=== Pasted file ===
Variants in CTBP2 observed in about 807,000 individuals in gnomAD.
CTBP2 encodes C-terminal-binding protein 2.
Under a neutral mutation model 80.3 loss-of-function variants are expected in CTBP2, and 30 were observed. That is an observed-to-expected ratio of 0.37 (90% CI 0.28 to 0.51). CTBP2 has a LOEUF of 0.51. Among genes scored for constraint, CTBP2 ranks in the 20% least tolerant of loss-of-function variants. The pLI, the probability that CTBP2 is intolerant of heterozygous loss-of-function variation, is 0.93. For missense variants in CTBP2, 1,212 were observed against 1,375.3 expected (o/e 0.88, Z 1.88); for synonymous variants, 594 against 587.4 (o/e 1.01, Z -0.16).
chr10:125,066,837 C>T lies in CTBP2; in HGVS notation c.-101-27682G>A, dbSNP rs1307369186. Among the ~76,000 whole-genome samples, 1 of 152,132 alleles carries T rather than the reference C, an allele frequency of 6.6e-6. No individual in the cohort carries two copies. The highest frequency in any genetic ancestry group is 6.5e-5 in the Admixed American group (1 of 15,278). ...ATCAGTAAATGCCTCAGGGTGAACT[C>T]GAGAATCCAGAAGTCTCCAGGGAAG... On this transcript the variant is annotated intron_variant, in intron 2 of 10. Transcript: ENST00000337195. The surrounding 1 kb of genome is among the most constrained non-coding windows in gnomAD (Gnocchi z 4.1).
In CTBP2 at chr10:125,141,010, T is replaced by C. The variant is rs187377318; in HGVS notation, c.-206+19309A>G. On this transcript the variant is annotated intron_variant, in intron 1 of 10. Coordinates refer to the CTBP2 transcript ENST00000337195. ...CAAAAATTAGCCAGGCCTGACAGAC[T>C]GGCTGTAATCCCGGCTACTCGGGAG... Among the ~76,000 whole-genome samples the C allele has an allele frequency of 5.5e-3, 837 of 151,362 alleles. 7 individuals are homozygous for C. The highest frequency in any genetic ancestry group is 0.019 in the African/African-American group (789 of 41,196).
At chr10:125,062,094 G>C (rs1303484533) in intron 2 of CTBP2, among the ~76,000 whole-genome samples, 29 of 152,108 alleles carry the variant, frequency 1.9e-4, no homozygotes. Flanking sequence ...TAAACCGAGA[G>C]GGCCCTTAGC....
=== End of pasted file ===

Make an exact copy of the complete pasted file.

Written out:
Variants in CTBP2 observed in about 807,000 individuals in gnomAD.
CTBP2 encodes C-terminal-binding protein 2.
Under a neutral mutation model 80.3 loss-of-function variants are expected in CTBP2, and 30 were observed. That is an observed-to-expected ratio of 0.37 (90% CI 0.28 to 0.51). CTBP2 has a LOEUF of 0.51. Among genes scored for constraint, CTBP2 ranks in the 20% least tolerant of loss-of-function variants. The pLI, the probability that CTBP2 is intolerant of heterozygous loss-of-function variation, is 0.93. For missense variants in CTBP2, 1,212 were observed against 1,375.3 expected (o/e 0.88, Z 1.88); for synonymous variants, 594 against 587.4 (o/e 1.01, Z -0.16).
chr10:125,066,837 C>T lies in CTBP2; in HGVS notation c.-101-27682G>A, dbSNP rs1307369186. Among the ~76,000 whole-genome samples, 1 of 152,132 alleles carries T rather than the reference C, an allele frequency of 6.6e-6. No individual in the cohort carries two copies. The highest frequency in any genetic ancestry group is 6.5e-5 in the Admixed American group (1 of 15,278). ...ATCAGTAAATGCCTCAGGGTGAACT[C>T]GAGAATCCAGAAGTCTCCAGGGAAG... On this transcript the variant is annotated intron_variant, in intron 2 of 10. Transcript: ENST00000337195. The surrounding 1 kb of genome is among the most constrained non-coding windows in gnomAD (Gnocchi z 4.1).
In CTBP2 at chr10:125,141,010, T is replaced by C. The variant is rs187377318; in HGVS notation, c.-206+19309A>G. On this transcript the variant is annotated intron_variant, in intron 1 of 10. Coordinates refer to the CTBP2 transcript ENST00000337195. ...CAAAAATTAGCCAGGCCTGACAGAC[T>C]GGCTGTAATCCCGGCTACTCGGGAG... Among the ~76,000 whole-genome samples the C allele has an allele frequency of 5.5e-3, 837 of 151,362 alleles. 7 individuals are homozygous for C. The highest frequency in any genetic ancestry group is 0.019 in the African/African-American group (789 of 41,196).
At chr10:125,062,094 G>C (rs1303484533) in intron 2 of CTBP2, among the ~76,000 whole-genome samples, 29 of 152,108 alleles carry the variant, frequency 1.9e-4, no homozygotes. Flanking sequence ...TAAACCGAGA[G>C]GGCCCTTAGC....